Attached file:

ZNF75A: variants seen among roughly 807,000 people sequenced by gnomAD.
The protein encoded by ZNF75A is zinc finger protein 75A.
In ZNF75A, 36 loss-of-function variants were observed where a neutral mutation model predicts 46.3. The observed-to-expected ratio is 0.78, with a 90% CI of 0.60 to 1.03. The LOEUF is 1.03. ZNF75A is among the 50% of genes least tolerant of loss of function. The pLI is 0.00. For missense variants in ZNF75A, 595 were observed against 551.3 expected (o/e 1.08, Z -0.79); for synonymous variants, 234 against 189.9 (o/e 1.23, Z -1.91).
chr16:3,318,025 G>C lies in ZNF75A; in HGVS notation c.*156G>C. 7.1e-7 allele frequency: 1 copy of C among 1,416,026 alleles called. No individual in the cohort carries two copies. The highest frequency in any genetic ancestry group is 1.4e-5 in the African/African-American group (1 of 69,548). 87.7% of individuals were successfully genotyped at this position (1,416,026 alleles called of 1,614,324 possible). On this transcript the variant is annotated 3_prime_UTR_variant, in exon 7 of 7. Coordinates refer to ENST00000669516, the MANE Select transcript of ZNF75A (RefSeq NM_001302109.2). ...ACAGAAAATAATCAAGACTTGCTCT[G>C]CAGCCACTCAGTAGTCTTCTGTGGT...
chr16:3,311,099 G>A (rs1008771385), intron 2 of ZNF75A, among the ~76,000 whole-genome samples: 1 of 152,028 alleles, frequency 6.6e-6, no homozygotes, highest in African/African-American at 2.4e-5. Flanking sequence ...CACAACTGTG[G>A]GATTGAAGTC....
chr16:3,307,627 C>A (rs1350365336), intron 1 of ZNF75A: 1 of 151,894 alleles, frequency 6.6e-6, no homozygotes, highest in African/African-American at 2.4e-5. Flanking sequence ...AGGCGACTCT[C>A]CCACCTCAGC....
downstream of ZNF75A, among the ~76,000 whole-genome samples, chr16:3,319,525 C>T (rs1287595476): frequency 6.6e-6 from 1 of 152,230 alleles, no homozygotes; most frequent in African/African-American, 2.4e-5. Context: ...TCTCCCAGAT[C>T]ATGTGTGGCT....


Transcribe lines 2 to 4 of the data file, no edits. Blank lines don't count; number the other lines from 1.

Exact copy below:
The protein encoded by ZNF75A is zinc finger protein 75A.
In ZNF75A, 36 loss-of-function variants were observed where a neutral mutation model predicts 46.3. The observed-to-expected ratio is 0.78, with a 90% CI of 0.60 to 1.03. The LOEUF is 1.03. ZNF75A is among the 50% of genes least tolerant of loss of function. The pLI is 0.00. For missense variants in ZNF75A, 595 were observed against 551.3 expected (o/e 1.08, Z -0.79); for synonymous variants, 234 against 189.9 (o/e 1.23, Z -1.91).
chr16:3,318,025 G>C lies in ZNF75A; in HGVS notation c.*156G>C. 7.1e-7 allele frequency: 1 copy of C among 1,416,026 alleles called. No individual in the cohort carries two copies. The highest frequency in any genetic ancestry group is 1.4e-5 in the African/African-American group (1 of 69,548). 87.7% of individuals were successfully genotyped at this position (1,416,026 alleles called of 1,614,324 possible). On this transcript the variant is annotated 3_prime_UTR_variant, in exon 7 of 7. Coordinates refer to ENST00000669516, the MANE Select transcript of ZNF75A (RefSeq NM_001302109.2). ...ACAGAAAATAATCAAGACTTGCTCT[G>C]CAGCCACTCAGTAGTCTTCTGTGGT...